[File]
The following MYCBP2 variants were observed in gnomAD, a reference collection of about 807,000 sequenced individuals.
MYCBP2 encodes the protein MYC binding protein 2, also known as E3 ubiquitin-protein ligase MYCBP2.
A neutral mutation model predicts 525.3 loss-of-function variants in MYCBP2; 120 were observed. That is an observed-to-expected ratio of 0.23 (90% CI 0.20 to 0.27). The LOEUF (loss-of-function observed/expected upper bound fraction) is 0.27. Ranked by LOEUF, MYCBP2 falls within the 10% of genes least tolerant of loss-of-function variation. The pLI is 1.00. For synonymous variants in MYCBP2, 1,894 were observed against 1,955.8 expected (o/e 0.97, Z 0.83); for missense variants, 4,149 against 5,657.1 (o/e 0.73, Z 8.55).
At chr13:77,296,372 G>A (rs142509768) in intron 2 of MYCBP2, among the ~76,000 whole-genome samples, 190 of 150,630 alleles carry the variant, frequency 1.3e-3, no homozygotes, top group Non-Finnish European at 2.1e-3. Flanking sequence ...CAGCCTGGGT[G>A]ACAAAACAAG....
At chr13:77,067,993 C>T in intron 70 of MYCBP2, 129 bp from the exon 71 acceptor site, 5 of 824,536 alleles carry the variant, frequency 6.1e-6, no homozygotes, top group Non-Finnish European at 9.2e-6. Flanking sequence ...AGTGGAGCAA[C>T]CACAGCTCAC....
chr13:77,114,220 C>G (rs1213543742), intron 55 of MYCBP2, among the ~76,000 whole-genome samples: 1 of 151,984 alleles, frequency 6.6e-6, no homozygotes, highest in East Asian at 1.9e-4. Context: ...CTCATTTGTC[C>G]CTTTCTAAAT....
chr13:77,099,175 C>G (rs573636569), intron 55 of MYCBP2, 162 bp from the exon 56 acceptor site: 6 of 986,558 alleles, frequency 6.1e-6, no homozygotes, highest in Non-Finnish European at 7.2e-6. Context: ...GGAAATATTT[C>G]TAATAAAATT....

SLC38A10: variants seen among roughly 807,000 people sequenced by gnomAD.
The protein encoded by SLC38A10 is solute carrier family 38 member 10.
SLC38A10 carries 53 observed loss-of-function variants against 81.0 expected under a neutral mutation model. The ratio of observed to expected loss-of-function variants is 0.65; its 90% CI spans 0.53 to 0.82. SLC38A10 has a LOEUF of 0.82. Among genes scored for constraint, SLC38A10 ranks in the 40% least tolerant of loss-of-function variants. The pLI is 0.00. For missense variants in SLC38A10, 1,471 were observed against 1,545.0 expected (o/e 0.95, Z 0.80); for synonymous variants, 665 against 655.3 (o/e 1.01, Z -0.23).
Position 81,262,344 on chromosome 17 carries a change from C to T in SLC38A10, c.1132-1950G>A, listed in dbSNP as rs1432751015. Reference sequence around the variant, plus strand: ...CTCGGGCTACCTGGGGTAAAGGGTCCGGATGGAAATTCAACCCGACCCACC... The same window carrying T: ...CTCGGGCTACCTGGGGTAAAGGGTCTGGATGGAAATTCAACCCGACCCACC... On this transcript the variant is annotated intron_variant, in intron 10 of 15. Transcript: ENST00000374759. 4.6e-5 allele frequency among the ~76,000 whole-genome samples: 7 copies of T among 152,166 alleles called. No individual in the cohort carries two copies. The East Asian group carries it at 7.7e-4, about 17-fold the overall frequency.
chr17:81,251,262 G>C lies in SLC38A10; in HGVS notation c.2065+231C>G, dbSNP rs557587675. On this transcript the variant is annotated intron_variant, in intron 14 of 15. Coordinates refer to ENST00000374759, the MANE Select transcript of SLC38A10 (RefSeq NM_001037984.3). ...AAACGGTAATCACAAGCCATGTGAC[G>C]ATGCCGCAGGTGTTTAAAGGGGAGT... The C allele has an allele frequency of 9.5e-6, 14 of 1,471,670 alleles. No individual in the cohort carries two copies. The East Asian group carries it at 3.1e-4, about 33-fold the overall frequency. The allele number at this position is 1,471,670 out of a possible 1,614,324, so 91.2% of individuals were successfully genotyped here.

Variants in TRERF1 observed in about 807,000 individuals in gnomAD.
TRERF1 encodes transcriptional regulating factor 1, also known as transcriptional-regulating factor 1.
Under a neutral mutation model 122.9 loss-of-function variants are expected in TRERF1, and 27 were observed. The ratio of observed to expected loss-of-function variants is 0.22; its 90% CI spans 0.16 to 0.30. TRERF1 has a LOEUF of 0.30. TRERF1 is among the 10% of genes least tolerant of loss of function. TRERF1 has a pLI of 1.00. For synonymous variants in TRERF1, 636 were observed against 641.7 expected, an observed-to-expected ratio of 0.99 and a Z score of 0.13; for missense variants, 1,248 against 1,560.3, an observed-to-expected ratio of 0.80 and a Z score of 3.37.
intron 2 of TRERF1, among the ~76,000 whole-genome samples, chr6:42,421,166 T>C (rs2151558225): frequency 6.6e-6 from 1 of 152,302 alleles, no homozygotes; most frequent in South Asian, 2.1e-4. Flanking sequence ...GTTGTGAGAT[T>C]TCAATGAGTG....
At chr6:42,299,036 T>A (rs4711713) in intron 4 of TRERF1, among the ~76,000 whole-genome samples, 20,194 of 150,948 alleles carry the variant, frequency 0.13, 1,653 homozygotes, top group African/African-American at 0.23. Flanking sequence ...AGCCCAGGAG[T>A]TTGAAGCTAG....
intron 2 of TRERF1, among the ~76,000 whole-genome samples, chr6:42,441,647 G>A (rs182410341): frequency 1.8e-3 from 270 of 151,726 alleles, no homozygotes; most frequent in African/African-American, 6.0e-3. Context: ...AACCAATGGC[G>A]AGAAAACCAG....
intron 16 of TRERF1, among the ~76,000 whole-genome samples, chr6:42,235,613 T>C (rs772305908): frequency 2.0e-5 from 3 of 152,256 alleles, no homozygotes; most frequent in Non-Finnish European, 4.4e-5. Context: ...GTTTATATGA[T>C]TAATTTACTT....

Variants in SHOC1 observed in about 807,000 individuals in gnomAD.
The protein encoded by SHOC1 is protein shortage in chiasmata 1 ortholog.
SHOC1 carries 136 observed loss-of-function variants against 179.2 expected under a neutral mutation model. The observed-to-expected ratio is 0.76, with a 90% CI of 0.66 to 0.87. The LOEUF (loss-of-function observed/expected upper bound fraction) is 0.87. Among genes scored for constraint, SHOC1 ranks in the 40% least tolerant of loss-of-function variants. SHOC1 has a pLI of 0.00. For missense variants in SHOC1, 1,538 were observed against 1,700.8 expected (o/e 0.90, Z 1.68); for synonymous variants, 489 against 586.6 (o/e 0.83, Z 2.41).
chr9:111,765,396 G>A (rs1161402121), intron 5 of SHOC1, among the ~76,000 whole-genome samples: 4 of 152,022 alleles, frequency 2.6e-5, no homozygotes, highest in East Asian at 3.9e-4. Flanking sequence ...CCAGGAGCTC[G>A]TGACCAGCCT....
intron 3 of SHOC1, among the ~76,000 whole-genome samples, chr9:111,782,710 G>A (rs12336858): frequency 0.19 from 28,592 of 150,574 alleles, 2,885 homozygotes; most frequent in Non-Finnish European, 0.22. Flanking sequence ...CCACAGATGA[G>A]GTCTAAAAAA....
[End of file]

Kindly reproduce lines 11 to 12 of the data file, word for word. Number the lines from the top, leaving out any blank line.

Position 81,262,344 on chromosome 17 carries a change from C to T in SLC38A10, c.1132-1950G>A, listed in dbSNP as rs1432751015. Reference sequence around the variant, plus strand: ...CTCGGGCTACCTGGGGTAAAGGGTCCGGATGGAAATTCAACCCGACCCACC... The same window carrying T: ...CTCGGGCTACCTGGGGTAAAGGGTCTGGATGGAAATTCAACCCGACCCACC... On this transcript the variant is annotated intron_variant, in intron 10 of 15. Transcript: ENST00000374759. 4.6e-5 allele frequency among the ~76,000 whole-genome samples: 7 copies of T among 152,166 alleles called. No individual in the cohort carries two copies. The East Asian group carries it at 7.7e-4, about 17-fold the overall frequency.
chr17:81,251,262 G>C lies in SLC38A10; in HGVS notation c.2065+231C>G, dbSNP rs557587675. On this transcript the variant is annotated intron_variant, in intron 14 of 15. Coordinates refer to ENST00000374759, the MANE Select transcript of SLC38A10 (RefSeq NM_001037984.3). ...AAACGGTAATCACAAGCCATGTGAC[G>C]ATGCCGCAGGTGTTTAAAGGGGAGT... The C allele has an allele frequency of 9.5e-6, 14 of 1,471,670 alleles. No individual in the cohort carries two copies. The East Asian group carries it at 3.1e-4, about 33-fold the overall frequency. The allele number at this position is 1,471,670 out of a possible 1,614,324, so 91.2% of individuals were successfully genotyped here.